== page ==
Landlords who currently own a property that is vacant in California may be facing some heat from local municipalities. Just recently LA council members proposed a tax for landlords who leave homes vacant. While there are plenty of good reasons why homes become vacant (tenants move out, recent ownership change, severe damage to the property, etc), there are better reasons why every landlord should quickly fill their property with tenants. This recent change in policy just added one more reason. Abandoned or Vacant houses are safety risks. They lure criminals, varmints, and rats to neighborhoods that otherwise would be safe. For these reasons, code enforcement officers drive around looking for properties like this and hit them with hefty code violations. These violations increase in price until the property is improved to a safe and sanitary condition.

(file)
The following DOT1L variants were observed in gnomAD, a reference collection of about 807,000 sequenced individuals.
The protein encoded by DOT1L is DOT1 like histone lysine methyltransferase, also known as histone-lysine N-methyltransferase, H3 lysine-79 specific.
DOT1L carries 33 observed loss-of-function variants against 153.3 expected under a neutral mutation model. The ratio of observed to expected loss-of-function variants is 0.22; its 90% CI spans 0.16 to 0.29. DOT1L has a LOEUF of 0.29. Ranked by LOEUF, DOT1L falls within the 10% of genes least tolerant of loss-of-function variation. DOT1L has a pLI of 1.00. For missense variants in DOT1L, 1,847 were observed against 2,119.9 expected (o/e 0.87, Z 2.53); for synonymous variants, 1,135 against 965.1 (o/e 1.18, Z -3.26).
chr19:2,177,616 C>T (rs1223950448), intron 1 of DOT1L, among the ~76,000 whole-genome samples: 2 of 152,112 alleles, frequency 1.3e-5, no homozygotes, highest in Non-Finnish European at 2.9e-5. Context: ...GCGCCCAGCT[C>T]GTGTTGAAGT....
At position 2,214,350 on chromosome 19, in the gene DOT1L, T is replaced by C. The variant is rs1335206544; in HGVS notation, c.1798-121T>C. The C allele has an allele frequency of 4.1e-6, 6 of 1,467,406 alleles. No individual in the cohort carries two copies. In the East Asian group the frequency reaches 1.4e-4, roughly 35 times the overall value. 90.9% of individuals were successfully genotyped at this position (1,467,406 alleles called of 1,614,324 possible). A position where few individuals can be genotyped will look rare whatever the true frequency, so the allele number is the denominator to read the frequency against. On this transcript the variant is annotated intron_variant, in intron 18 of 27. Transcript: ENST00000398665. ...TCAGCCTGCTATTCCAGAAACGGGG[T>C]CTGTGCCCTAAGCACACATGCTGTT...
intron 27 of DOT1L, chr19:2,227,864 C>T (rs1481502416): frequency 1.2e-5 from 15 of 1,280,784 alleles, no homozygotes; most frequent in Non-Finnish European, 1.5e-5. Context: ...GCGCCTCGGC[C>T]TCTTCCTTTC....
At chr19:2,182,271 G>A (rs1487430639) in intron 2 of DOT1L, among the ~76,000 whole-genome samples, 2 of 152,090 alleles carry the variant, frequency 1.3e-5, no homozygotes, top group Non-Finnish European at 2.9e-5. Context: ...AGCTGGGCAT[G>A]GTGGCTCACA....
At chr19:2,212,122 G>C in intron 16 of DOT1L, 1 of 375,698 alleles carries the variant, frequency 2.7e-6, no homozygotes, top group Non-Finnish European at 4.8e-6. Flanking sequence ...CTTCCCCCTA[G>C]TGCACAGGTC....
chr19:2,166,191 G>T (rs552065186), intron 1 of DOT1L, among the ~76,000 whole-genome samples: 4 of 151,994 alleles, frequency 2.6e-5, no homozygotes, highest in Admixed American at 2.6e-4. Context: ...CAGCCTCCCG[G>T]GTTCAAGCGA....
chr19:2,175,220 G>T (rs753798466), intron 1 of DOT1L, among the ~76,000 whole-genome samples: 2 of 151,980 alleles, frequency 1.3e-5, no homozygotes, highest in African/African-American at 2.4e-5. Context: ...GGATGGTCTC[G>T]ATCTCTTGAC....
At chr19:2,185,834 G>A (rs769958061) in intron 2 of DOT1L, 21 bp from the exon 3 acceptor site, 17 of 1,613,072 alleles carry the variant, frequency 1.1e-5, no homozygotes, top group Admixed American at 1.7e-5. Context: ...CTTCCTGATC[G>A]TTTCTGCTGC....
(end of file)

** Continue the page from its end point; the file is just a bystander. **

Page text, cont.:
While the solution seems simple, often times landlords who own vacant properties are not responsible for putting their property in this condition. Often times a property is heavily damaged before going vacant. Poor tenants, natural circumstances like fires/hurricanes/earthquakes, or criminals are typically the cause of the issue while the landlord is left the victim and is now responsible for a home that they do no have the money to repair. All while code enforcement and sometimes the police department are pointing the finger at them demanding a solution immediately. In California a full rehab on a property starts at about $45,0000 and increases with property size and region. Many landlords have enough reserves for small expenditures like plumbing repairs however no one can afford a surprise $50,0000 bill one month. It is at this point, where they will ask themselves “Can I sell my Vacant House in California” Rather than go into foreclosure and continue accruing more penalties from code enforcement, many landlords find them selves googling “Sell my vacant house in California”. That is where a company like Sea Cliff Liquidity can work hand in hand with a landlord and provide a cash offer to the them without ever having to see the property. You may be wondering…but what about the code violations? Isn’t the previous landlord still on the hook? Nope. We have 10+ years working with cities and we know exactly how to get out of these violations. With the landlords authorization we often just pay the code violation off to just wipe away the problem. If you or someone you know finds themselves in this situation, we are here to help.